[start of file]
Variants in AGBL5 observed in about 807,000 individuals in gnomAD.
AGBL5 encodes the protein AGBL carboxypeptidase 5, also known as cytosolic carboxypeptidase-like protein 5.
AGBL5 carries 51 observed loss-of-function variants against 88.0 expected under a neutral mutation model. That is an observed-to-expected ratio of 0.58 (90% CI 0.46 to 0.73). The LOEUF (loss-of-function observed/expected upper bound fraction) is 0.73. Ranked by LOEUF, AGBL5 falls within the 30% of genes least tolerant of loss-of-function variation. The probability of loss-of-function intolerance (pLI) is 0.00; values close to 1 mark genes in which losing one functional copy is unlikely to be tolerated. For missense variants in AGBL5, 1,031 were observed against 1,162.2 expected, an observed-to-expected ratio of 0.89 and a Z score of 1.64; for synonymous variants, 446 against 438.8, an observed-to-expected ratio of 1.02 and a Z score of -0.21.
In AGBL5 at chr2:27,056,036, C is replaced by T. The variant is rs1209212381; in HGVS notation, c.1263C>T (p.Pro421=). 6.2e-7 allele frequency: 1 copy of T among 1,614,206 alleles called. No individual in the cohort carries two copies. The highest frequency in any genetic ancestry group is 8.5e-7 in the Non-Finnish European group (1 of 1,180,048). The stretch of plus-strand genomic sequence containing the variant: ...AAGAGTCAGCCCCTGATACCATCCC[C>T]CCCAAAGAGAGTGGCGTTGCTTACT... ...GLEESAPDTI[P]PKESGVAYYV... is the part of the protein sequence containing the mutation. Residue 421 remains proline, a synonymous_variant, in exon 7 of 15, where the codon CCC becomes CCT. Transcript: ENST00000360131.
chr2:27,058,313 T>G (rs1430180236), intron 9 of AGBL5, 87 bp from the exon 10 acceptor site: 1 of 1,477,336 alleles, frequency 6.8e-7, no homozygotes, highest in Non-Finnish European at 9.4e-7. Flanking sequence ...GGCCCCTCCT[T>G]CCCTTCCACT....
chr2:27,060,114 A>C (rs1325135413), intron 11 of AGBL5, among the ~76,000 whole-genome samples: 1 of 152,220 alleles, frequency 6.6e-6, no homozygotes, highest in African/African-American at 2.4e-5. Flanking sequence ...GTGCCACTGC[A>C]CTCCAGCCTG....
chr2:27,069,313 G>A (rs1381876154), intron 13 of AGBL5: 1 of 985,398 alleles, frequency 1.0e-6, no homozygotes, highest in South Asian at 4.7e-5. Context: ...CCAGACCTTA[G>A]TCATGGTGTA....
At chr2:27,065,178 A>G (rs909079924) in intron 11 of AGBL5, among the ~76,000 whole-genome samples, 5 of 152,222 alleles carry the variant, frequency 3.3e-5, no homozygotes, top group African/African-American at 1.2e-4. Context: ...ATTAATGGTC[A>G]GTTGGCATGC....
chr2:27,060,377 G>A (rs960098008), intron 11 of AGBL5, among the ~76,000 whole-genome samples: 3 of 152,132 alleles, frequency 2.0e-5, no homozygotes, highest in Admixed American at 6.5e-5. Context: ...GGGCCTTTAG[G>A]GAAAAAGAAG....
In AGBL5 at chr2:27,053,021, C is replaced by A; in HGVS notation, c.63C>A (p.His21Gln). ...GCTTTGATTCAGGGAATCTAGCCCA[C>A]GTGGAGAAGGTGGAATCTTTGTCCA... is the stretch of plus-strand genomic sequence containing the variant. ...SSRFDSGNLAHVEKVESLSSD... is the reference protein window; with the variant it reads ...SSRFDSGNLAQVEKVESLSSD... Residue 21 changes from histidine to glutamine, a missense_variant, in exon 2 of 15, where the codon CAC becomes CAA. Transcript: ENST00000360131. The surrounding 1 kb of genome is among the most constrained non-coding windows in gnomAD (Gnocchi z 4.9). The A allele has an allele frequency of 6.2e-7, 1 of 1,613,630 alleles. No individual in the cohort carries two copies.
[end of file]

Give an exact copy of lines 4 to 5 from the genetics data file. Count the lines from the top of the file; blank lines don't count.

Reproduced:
In AGBL5 at chr2:27,056,036, C is replaced by T. The variant is rs1209212381; in HGVS notation, c.1263C>T (p.Pro421=). 6.2e-7 allele frequency: 1 copy of T among 1,614,206 alleles called. No individual in the cohort carries two copies. The highest frequency in any genetic ancestry group is 8.5e-7 in the Non-Finnish European group (1 of 1,180,048). The stretch of plus-strand genomic sequence containing the variant: ...AAGAGTCAGCCCCTGATACCATCCC[C>T]CCCAAAGAGAGTGGCGTTGCTTACT... ...GLEESAPDTI[P]PKESGVAYYV... is the part of the protein sequence containing the mutation. Residue 421 remains proline, a synonymous_variant, in exon 7 of 15, where the codon CCC becomes CCT. Transcript: ENST00000360131.
chr2:27,058,313 T>G (rs1430180236), intron 9 of AGBL5, 87 bp from the exon 10 acceptor site: 1 of 1,477,336 alleles, frequency 6.8e-7, no homozygotes, highest in Non-Finnish European at 9.4e-7. Flanking sequence ...GGCCCCTCCT[T>G]CCCTTCCACT....